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America Takes Action Against Misleading, Deceptive Companies And Influencers

The US Federal Trade Commission (from now on, we’ll just use their acronym: FTC) has taken a swipe at companies and influencers who make false or misleading reviews.

 

Many influencers in the US often advertise products and services on social media platforms for money. There are also quite a few of them in the video games sector, but now they could be in trouble if they try to create fake and/or misleading sponsored ads and content, as the FTC would straighten out the currently confusing advertising rules. The draft openly targets advertisers who try to target children with hidden ads.

All major publishers are trying to advertise their games through influencers (and we recently wrote about Electronic Arts, which is looking to add many more people to its program to do so). Samuel Levine, head of the FTC’s Bureau of Consumer Protection, said, “We’re updating the guides to crack down on fake reviews and other forms of misleading marketing. We’re warning marketers about stealth advertising that targets kids. Whether it’s fake reviews or influencers, who hide that they were paid to post, this kind of deception results in people paying more money for bad products and services, and it hurts honest competitors.”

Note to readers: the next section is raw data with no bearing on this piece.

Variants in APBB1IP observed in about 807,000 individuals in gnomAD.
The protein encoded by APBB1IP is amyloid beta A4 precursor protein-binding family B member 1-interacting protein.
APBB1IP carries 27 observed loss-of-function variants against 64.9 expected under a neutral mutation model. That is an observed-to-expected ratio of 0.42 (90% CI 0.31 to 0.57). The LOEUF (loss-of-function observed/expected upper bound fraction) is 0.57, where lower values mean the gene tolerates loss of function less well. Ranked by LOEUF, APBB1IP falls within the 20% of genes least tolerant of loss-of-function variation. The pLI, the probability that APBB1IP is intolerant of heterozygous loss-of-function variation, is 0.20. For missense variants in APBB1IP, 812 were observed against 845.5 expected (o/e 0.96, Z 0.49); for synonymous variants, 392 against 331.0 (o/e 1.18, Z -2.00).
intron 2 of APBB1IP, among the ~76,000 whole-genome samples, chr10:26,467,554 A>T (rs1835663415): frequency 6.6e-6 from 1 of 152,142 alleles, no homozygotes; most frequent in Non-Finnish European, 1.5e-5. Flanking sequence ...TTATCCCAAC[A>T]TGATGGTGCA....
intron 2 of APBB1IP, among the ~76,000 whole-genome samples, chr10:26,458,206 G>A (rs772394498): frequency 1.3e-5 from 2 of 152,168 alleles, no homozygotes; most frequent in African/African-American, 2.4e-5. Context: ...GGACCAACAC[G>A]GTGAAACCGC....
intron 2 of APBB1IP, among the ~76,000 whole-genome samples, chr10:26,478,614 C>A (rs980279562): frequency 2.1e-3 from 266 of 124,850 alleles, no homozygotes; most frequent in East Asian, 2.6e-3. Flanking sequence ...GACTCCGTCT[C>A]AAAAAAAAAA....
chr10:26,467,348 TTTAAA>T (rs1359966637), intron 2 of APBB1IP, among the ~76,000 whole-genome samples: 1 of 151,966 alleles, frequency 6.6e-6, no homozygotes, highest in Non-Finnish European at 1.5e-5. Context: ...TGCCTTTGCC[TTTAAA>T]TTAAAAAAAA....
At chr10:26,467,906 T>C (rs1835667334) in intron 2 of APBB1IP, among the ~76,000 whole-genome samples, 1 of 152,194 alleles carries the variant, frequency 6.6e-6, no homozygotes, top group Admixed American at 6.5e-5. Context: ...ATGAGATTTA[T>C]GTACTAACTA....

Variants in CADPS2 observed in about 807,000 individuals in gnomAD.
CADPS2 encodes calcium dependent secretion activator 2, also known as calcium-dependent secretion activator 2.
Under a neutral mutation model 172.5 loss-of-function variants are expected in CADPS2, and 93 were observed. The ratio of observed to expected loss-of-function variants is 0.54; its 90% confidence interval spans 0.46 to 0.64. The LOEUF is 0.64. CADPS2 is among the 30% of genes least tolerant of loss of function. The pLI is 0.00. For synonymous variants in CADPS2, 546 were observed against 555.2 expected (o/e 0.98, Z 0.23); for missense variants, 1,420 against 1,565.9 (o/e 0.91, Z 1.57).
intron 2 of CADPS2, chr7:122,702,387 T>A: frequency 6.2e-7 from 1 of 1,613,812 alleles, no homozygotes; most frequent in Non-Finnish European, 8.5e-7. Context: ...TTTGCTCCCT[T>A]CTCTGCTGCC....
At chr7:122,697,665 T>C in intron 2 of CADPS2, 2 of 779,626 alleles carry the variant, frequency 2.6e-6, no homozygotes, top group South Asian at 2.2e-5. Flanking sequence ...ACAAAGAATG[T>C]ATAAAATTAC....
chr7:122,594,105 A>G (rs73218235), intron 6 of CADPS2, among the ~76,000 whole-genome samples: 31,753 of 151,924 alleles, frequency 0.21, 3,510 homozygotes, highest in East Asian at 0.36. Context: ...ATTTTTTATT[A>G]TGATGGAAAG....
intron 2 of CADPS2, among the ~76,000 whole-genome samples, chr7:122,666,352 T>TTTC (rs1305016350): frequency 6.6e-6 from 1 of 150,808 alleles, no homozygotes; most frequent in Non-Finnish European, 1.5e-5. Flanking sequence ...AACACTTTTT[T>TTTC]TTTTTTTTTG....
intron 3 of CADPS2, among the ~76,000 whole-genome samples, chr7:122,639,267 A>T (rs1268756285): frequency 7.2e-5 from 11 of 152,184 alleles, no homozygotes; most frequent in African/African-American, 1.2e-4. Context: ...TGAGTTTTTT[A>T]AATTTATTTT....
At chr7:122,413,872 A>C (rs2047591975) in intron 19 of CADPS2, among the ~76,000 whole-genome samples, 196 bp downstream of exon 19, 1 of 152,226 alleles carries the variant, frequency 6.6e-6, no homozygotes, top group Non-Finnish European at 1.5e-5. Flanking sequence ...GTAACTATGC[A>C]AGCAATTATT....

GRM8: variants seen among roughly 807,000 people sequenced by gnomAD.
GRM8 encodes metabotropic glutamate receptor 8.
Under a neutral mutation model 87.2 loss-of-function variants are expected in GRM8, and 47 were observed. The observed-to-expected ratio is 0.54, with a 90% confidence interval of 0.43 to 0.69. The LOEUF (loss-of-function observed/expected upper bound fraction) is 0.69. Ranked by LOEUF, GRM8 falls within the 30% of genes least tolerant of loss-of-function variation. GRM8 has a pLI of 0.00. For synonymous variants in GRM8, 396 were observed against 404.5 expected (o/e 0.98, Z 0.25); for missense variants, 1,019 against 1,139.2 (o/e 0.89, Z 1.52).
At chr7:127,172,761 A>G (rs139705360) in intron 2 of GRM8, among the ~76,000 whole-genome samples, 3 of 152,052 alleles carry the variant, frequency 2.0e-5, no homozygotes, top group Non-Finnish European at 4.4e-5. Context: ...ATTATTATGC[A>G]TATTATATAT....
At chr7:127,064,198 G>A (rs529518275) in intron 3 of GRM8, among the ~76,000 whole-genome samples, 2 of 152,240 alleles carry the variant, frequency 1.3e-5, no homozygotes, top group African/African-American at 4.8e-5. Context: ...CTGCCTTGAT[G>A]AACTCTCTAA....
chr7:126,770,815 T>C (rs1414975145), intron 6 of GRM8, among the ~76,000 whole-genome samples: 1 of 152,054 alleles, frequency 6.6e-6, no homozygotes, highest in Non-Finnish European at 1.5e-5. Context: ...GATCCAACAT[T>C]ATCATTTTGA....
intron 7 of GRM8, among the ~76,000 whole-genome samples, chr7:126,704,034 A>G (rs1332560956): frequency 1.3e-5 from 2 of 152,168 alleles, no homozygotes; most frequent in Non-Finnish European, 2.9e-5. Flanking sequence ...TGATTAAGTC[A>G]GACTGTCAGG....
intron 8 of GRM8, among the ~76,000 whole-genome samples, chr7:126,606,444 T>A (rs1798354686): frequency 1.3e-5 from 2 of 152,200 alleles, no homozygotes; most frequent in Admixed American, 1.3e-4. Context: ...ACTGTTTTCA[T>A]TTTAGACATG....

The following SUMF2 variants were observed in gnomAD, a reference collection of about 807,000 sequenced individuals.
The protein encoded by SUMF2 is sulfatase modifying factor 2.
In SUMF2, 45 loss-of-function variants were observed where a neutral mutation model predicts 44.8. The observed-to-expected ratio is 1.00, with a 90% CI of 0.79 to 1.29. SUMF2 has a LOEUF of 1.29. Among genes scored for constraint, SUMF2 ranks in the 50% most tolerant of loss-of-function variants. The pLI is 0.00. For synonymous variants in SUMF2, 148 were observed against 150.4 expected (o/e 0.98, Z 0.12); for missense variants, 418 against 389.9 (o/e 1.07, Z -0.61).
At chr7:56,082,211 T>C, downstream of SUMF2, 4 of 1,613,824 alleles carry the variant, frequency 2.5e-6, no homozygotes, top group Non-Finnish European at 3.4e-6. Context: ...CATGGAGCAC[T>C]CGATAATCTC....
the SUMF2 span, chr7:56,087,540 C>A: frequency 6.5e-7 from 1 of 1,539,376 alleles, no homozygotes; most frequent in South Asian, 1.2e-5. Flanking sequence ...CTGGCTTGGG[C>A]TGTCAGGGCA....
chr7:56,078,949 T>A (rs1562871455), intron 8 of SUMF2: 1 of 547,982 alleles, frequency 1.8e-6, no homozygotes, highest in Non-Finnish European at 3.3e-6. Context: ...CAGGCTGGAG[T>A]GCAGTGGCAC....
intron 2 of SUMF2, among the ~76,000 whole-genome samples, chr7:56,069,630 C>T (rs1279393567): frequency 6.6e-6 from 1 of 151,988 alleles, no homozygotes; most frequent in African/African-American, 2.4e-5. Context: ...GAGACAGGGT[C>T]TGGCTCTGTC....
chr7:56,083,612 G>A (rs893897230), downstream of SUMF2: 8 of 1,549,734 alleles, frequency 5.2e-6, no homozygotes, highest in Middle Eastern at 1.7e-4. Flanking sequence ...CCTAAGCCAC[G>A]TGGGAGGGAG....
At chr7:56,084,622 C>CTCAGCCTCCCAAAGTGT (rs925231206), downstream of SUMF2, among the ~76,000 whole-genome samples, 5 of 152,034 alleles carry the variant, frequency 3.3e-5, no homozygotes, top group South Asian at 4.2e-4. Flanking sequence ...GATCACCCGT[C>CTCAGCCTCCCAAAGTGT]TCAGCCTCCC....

To quote the FTC’s revisions, “Clarified that fake reviews are covered under the guides and added a new principle that in procuring, suppressing, boosting, organizing, or editing consumer reviews, advertisers should not distort or misrepresent what consumers think of their products. This would cover review suppression like in the FTC’s recent Fashion Nova case; Clarified that tags in social media posts are covered under the guides and modified the definition of “endorsers” to bring virtual influencers—computer-generated fictional characters—under the guides.”

In 2015, the FTC took action against Machinima, a YouTube network for deceptive Xbox One ads, and this new proposed rule change could ring some alarm bells

Source: PSL

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